As a newly ordained priest in the north of England, Henry Gordon read What Life Means to Me by Wilfred Grenfell, and he wrote, “Ever since the Gospel of its author has been my inspiration and joy.” (recorded in, and here quoted from, the journal “Among the Deep-Sea Fishers,” April, 1921). On August 17, 1915 he arrived at Cartwright on the SS Sagona to be the incumbent of the Mission of Sandwich Bay for the next ten years. He very quickly got to know the lay of the land and proved to be a capable navigator of the Mission’s new boat called St. Helen after his old parish in Lancashire. His journals provide a window into the life of one dedicated frontline worker during a pandemic over a hundred years ago.
From a report in The Evening Telegram on 2 September 1918, we know that he was in St. John’s in 1918 drumming up support for an ambitious ministry project that is memorialized in the school that bears his name today—Henry Gordon Academy, Cartwright. Encouraged by the support he had received from “several of St. John’s keenest laymen,” most likely parishioners of St. Thomas’ Church, he returned to his Mission of Sandwich Bay.
His journal records that the SS Sagona arrived in Cartwright on October the 20th bringing besides the supplies for the winter, a pile of newspapers and personal letters that was always a delight. On this occasion the news was not good. “Our newspapers relate of a serious epidemic which is raging in Newfoundland and other parts of the world. One hopes that it will not reach down here, but the fact that some of the steamer’s crew are down with it looks ominous.”
Nevertheless, he set out to visit several communities, and when the St. Helen arrived back in Cartwright on October 30th, he wrote, “Not a soul to be seen anywhere, and a strange, unusual silence. Going along the path to the Parsonage we met one of the Company’s (Hudson Bay Company) men staggering like a drunken man, and from him learned that the whole settlement was prostrated with sickness. It had struck the community like a cyclone two days after the Mail-boat had arrived. …Whole households lay inanimate all over their kitchen floors, unable to even feed themselves or look after the fire. … One seemed utterly incapable of dealing with the situation, the only thing one could do was to see that no one perished for want of food and firing.”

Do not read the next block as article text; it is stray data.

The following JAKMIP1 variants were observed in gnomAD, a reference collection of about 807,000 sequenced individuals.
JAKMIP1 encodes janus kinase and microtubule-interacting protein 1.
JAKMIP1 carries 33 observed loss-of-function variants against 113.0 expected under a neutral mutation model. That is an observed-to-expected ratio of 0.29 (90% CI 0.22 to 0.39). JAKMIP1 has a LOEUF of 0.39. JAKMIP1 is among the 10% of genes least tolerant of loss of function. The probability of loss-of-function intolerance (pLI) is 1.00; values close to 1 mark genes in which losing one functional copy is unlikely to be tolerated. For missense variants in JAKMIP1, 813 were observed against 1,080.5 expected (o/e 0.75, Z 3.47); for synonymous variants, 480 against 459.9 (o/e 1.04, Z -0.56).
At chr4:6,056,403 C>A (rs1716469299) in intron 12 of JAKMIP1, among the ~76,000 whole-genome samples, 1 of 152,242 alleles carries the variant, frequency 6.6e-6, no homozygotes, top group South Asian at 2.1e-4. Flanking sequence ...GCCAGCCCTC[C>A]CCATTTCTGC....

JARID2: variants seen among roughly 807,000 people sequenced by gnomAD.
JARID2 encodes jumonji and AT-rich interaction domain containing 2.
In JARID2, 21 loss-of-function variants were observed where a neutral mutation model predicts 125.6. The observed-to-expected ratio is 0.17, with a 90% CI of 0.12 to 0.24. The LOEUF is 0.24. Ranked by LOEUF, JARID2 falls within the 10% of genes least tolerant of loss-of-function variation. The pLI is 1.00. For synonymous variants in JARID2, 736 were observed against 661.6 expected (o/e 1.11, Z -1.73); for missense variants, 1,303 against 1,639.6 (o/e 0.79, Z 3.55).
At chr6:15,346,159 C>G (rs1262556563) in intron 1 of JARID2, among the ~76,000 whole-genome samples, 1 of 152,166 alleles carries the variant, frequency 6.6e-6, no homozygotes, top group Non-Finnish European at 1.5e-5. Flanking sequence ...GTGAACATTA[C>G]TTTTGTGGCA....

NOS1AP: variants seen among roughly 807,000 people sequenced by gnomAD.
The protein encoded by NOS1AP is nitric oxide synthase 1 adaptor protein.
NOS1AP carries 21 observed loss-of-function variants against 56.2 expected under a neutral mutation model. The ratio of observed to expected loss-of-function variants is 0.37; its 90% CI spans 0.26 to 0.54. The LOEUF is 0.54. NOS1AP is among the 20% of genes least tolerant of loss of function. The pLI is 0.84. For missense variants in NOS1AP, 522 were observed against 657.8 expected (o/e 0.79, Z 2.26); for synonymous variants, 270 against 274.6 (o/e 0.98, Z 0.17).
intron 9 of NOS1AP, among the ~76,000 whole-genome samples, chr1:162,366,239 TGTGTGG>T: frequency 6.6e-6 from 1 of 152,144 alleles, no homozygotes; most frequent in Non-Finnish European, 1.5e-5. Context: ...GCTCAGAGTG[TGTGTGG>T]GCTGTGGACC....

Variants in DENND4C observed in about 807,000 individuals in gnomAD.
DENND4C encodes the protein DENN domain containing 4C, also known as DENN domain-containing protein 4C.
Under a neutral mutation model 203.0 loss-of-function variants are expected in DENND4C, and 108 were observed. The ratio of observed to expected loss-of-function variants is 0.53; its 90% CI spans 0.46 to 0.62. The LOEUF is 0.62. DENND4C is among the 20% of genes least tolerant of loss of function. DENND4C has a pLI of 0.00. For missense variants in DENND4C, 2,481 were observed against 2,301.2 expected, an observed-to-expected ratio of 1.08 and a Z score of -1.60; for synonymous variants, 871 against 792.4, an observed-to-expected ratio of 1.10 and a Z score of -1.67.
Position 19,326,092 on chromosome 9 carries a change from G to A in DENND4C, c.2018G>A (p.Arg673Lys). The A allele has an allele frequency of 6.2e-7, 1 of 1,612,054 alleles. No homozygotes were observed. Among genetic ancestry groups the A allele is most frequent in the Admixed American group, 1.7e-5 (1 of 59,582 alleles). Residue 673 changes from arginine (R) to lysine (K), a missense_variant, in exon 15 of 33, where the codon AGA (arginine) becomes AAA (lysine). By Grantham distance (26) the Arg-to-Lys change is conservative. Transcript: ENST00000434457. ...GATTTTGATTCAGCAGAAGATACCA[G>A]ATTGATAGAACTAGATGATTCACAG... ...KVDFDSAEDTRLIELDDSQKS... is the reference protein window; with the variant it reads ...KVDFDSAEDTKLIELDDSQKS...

On November 2nd he reported that he himself was “feeling rotten, head like a bladder full of wind,” but the next day he “got up, took a dose of brandy, and buried Howard Fequet at 1:30, then when back to bed again.”
On the 4th he wrote, “Can’t remember very clearly what happened on these two days. Felt very sick. I knew Mr. Parsons came up to ask me about burying somebody or other. I thought it was myself at the time.” His journal continues describing visiting the sick, chopping wood for their fires, making coffins and burying the dead. His letter to Bishop White on February 18th, three months later, paints a grave picture of the price of a pandemic:
“I expect that you will have heard already of the terrible times which we have experienced down here since last fall. I almost hate to write any more about the subject as the memory is almost too powerful. Suffice it to say that I had to live amid dead and dying for over a month, digging graves, tying up bodies and looking after little orphans. Out of a total population of 320 in Sandwich Bay we lost 69. One could relate many stories that would astonish the outside world but thank God all is now over and it is best to forget it.
I am afraid that I suffered rather more than I was aware of especially in my nervous system which seems all out of shape. I have been able to get through my visitation and am physically fairly fit, but I simply dread the thought of another winter down here without a change and a rest.”